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The Language of Defamation Cases$
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Roger W. Shuy

Print publication date: 2009

Print ISBN-13: 9780195391329

Published to Oxford Scholarship Online: February 2010

DOI: 10.1093/acprof:oso/9780195391329.001.0001

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A Sixth-Grade Teacher Goes after the Local Press

A Sixth-Grade Teacher Goes after the Local Press

Chapter:
(p.45) 3 A Sixth-Grade Teacher Goes after the Local Press
Source:
The Language of Defamation Cases
Author(s):

Roger W. Shuy (Contributor Webpage)

Publisher:
Oxford University Press
DOI:10.1093/acprof:oso/9780195391329.003.0004

A controversy emerged from allegedly defamatory articles in the local newspaper about a teacher whose students were said to “have learned nothing” during the school year, requiring them to take summer classes to make up for their deficiencies. Linguistic analysis of these articles demonstrated that the writers were not giving their opinions, as the newspaper claimed, but instead were offering their articles as factual. The teacher was declared a pubic person by the Court, meaning that she had to prove actual malice in the articles. Negative prominence of the repeated use of “learned nothing” provided such evidence. It was also clear from the articles and press releases that no apology or retraction was given by the defendants.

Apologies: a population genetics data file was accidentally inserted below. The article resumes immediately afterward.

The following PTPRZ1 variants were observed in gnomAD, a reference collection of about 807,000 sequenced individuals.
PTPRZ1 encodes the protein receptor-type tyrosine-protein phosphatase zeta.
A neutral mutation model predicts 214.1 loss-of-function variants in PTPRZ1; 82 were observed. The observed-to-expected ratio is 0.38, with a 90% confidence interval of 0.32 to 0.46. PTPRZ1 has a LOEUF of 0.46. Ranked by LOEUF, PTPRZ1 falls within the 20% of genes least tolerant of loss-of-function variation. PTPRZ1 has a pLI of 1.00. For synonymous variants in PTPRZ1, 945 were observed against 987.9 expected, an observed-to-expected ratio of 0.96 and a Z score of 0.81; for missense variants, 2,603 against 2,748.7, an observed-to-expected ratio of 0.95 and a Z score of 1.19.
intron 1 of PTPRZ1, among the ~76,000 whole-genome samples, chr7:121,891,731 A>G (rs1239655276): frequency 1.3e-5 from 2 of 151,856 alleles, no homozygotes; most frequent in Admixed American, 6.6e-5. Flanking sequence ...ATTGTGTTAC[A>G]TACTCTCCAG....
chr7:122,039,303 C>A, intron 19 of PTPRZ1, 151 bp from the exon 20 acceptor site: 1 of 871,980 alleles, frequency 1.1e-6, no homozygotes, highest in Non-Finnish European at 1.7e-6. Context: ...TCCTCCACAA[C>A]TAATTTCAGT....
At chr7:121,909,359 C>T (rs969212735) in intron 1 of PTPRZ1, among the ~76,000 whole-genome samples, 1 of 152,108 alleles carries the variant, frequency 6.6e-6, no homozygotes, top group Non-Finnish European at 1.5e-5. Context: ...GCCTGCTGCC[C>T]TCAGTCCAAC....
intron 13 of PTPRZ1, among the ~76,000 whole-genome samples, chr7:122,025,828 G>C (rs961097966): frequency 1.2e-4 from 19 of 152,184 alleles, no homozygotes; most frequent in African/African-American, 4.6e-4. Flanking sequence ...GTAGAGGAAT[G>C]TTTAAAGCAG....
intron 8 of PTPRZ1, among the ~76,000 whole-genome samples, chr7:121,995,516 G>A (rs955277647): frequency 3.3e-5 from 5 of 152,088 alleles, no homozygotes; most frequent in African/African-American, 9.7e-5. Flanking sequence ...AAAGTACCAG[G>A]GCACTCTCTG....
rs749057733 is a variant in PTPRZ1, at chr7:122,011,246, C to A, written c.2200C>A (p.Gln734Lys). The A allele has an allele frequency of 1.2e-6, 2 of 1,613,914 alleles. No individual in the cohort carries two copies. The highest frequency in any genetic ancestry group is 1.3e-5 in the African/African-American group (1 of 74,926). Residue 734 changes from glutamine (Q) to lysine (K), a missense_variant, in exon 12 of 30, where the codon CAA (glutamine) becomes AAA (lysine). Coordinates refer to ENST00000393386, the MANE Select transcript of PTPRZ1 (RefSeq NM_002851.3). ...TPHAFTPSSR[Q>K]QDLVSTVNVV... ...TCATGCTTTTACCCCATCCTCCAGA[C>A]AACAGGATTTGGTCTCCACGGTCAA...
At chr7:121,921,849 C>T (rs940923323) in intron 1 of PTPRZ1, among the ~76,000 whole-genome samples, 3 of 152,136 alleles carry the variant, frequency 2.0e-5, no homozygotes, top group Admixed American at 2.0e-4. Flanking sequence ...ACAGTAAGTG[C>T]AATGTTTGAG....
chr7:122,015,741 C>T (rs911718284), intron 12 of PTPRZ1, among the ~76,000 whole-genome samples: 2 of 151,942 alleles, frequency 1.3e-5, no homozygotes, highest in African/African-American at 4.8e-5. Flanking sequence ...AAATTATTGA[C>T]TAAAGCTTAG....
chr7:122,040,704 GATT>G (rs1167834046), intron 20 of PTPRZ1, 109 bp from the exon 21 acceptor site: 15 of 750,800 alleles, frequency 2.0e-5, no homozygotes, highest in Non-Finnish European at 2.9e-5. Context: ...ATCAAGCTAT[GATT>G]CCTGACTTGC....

Keywords:   opinion, public person, negative prominence, apology

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